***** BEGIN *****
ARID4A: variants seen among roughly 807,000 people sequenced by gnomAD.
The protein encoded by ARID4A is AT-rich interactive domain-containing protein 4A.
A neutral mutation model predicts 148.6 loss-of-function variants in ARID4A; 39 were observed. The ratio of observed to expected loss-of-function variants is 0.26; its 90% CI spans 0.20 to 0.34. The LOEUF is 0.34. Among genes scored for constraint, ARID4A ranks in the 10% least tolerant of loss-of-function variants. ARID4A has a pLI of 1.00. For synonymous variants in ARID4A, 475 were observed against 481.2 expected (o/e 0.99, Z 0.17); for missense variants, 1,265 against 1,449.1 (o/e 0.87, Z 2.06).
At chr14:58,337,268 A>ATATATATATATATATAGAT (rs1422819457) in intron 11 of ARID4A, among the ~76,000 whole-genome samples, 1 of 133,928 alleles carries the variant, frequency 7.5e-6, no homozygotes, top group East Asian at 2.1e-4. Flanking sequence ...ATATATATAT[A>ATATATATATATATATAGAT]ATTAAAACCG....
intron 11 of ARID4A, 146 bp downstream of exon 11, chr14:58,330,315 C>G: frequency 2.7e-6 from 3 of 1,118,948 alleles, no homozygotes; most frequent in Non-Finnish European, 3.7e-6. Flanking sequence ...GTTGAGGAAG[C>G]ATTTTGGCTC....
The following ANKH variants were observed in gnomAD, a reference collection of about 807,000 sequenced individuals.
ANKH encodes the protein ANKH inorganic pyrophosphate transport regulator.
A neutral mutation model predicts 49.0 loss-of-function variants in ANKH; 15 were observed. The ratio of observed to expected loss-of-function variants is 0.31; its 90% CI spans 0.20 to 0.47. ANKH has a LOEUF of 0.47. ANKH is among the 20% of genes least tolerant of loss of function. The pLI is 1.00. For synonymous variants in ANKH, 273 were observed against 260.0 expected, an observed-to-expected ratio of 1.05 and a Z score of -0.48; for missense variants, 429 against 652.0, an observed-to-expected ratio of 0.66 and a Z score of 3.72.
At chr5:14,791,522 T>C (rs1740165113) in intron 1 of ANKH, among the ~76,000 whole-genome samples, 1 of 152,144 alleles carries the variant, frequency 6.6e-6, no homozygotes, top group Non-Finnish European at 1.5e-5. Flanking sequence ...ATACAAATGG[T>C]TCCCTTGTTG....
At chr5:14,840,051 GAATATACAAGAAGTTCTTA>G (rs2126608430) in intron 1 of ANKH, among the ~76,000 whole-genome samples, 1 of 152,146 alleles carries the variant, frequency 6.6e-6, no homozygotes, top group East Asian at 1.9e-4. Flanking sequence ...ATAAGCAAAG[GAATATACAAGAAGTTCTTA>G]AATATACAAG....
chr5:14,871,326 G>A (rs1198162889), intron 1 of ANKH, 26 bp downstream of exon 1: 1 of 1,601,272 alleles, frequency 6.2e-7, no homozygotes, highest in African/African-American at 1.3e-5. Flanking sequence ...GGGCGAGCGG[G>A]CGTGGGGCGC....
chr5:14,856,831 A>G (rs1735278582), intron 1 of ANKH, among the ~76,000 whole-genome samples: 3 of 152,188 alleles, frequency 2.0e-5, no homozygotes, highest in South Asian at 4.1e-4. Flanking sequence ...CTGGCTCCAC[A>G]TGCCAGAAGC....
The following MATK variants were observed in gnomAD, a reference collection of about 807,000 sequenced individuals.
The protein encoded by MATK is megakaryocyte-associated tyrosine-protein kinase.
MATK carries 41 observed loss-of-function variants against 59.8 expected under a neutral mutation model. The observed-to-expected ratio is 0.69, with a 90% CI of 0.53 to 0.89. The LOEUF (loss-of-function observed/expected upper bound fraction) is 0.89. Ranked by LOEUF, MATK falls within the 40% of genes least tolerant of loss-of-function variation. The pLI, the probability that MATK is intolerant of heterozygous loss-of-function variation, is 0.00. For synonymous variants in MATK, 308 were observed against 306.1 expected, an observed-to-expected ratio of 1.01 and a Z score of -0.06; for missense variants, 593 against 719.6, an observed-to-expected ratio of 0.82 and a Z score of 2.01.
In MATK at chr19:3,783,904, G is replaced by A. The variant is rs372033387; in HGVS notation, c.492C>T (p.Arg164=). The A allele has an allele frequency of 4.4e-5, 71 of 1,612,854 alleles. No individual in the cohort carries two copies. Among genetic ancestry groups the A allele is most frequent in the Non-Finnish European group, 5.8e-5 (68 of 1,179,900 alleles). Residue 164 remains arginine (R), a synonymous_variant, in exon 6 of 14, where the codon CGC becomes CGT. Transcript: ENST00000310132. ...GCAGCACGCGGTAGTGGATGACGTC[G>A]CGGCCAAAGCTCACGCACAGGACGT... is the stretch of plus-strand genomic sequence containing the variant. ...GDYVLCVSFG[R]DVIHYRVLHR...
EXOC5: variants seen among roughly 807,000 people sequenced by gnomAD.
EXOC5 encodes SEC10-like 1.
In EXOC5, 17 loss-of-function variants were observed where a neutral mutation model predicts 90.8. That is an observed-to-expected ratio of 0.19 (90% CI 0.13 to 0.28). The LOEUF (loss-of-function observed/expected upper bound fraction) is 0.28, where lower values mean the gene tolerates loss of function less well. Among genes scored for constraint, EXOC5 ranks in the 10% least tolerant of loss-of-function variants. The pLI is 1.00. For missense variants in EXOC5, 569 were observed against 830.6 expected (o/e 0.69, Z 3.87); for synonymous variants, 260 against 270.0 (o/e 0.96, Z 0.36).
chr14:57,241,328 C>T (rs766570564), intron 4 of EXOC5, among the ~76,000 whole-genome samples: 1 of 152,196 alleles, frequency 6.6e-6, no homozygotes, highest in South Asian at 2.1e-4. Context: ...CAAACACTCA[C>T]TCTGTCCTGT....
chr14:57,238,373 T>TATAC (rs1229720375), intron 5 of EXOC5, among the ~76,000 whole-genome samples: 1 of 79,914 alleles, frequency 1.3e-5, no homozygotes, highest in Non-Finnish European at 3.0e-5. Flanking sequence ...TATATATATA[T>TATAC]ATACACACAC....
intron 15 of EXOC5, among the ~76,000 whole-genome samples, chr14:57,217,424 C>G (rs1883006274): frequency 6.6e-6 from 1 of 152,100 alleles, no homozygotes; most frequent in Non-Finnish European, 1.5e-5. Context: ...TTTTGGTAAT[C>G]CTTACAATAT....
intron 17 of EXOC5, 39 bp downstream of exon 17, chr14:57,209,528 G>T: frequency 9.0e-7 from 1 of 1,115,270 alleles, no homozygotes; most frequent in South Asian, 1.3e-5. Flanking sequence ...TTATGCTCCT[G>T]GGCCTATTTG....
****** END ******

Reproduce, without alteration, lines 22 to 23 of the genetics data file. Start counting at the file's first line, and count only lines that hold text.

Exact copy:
intron 15 of EXOC5, among the ~76,000 whole-genome samples, chr14:57,217,424 C>G (rs1883006274): frequency 6.6e-6 from 1 of 152,100 alleles, no homozygotes; most frequent in Non-Finnish European, 1.5e-5. Context: ...TTTTGGTAAT[C>G]CTTACAATAT....
intron 17 of EXOC5, 39 bp downstream of exon 17, chr14:57,209,528 G>T: frequency 9.0e-7 from 1 of 1,115,270 alleles, no homozygotes; most frequent in South Asian, 1.3e-5. Flanking sequence ...TTATGCTCCT[G>T]GGCCTATTTG....